Under the agreement, an Organization for the Prohibition of Chemical Weapons (OPCW)-United Nations joint mission was set up to oversee implementation. Among the inspectors who took part in the mission, were Russian nationals.

(“Russia also announced the availability of its staff to participate in inspection activities and other forms of international presence, which can be offered by the joint mission,” the Stockholm International Peace Research Institute reported in its 2013 yearbook. “Moscow sent the OPCW a list of 13 Russian inspectors to be included in the group on the destruction of chemical weapons in Syria.”)

Russia’s formal military intervention in Syria began two years later, with an airstrike campaign launched on Sept. 30, 2015.

Two days earlier, Obama had met with Russian President Vladimir Putin in New York.

Ahead of that meeting, a White House reporter noted Russian moves to deploy militarily in Syria, and asked press secretary Josh Earnest what Obama’s message would be about “possible U.S.-Russian military cooperation on Syria.”

“President Obama will make clear once again that Russia doubling down on their support for the Assad regime is a losing bet,” Earnest replied.

“President Obama will encourage President Putin to consider constructive contributions to the ongoing counter-[ISIS] effort,” he added, referring to the U.S.-led airstrikes against ISIS which had begun in Syria in September 2014.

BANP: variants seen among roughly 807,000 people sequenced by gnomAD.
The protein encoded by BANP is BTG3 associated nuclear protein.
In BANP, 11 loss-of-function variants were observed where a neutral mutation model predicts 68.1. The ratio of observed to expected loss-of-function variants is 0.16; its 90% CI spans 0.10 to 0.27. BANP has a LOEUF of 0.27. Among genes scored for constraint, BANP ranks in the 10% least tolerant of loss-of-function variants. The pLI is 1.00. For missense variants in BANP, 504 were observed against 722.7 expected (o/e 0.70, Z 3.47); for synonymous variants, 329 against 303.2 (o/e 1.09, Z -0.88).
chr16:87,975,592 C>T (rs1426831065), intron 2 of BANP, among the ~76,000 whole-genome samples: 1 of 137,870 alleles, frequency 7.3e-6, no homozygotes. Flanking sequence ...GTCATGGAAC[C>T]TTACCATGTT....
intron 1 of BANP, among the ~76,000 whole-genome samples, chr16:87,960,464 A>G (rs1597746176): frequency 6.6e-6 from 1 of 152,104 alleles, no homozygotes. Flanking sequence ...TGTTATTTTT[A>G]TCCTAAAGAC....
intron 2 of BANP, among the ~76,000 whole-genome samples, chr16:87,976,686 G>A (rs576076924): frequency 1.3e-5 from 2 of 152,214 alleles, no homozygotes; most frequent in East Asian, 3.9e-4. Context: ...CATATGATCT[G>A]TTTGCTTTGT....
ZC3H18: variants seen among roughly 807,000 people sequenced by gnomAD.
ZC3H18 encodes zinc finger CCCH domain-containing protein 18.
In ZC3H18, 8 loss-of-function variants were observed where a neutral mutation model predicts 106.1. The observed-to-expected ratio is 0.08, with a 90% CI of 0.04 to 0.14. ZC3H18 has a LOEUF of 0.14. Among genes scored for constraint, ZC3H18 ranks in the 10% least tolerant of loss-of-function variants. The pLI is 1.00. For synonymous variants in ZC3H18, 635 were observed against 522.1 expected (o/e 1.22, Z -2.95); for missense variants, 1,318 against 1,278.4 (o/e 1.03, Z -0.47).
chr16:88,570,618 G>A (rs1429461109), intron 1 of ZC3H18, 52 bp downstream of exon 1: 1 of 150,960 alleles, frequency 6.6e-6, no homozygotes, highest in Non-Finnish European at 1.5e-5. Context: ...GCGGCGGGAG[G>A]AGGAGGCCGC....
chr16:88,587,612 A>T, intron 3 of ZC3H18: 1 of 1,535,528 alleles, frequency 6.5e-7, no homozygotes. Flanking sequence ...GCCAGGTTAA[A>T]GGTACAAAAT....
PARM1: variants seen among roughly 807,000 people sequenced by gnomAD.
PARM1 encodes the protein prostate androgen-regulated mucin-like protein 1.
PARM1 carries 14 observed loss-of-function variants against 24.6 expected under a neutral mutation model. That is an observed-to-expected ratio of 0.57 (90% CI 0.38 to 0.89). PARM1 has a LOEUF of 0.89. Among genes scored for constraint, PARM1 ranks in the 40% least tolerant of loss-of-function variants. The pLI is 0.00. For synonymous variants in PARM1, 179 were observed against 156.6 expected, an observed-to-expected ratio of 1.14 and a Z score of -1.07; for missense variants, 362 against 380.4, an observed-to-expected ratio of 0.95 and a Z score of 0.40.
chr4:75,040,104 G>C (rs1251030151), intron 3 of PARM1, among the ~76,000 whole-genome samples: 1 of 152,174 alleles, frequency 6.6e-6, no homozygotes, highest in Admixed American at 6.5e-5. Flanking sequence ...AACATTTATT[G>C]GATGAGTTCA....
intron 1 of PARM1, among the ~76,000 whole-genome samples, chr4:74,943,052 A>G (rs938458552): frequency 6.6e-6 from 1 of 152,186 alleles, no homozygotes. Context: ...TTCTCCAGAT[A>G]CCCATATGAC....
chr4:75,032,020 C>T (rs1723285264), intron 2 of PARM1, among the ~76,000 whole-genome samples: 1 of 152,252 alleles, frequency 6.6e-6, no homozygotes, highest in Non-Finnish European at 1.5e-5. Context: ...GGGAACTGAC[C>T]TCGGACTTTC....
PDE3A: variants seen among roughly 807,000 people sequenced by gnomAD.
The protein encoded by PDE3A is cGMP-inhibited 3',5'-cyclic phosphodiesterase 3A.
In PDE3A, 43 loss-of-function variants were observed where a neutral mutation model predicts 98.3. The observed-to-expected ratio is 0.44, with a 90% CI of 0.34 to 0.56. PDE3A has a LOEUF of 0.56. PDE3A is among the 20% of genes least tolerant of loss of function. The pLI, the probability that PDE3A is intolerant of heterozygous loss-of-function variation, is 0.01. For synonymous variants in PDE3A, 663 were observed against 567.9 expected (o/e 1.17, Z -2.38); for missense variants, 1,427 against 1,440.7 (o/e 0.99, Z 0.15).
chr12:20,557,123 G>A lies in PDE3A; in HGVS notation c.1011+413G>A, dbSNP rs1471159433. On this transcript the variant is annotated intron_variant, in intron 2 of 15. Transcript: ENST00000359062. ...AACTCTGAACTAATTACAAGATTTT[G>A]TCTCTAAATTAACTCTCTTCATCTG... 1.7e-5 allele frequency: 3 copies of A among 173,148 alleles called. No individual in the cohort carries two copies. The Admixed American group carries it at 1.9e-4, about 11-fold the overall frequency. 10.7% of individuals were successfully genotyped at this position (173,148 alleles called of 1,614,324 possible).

“There are more than 60 nations that are involved in implementing a strategy to degrade and ultimately destroy [ISIS], and we’d like to see the Russians make a constructive contribution to that ongoing effort,” Earnest said.

As its own air campaign began, Moscow claimed to be targeting ISIS and al-Qaeda-affiliated Jabhat al-Nusra terrorists. However, the U.S. noted that it was mostly bombing other rebel groups opposed to Assad.

Russia’s intervention, along with the support of Iran and its Lebanese and Iraqi Shi’ite proxies, is widely credited for turning the conflict back, in time, in Assad’s favor.

‘A factual observation’

Pompeo has spoken before of Obama having “invited” the Russians into Syria.

At the Aspen Security Forum in July 2017 then then-CIA Director said Obama, rather than enforce his red line after the Ghouta attack, “instead chose to invite the Russians in.”

“That’s not a political statement, it’s a factual observation,” Pompeo said. “It was a major turning point in the capacity of America to influence events in Syria.”

When the event moderator asked Pompeo to clarify the claim that Obama “invited the Russians into Syria,” Pompeo replied, “Yeah, he had them come solve the chemical weapon problem.”

On October 30, 2015 – one month after the Russian airstrikes began – the Obama administration announced plans to deploy “up to 50” Special Forces troops in northern Syria, to help what it called “moderate opposition forces” in their fight against ISIS jihadists.

In April 2016, Obama said he was sending up to 250 more troops to Syria, taking the total number to 300.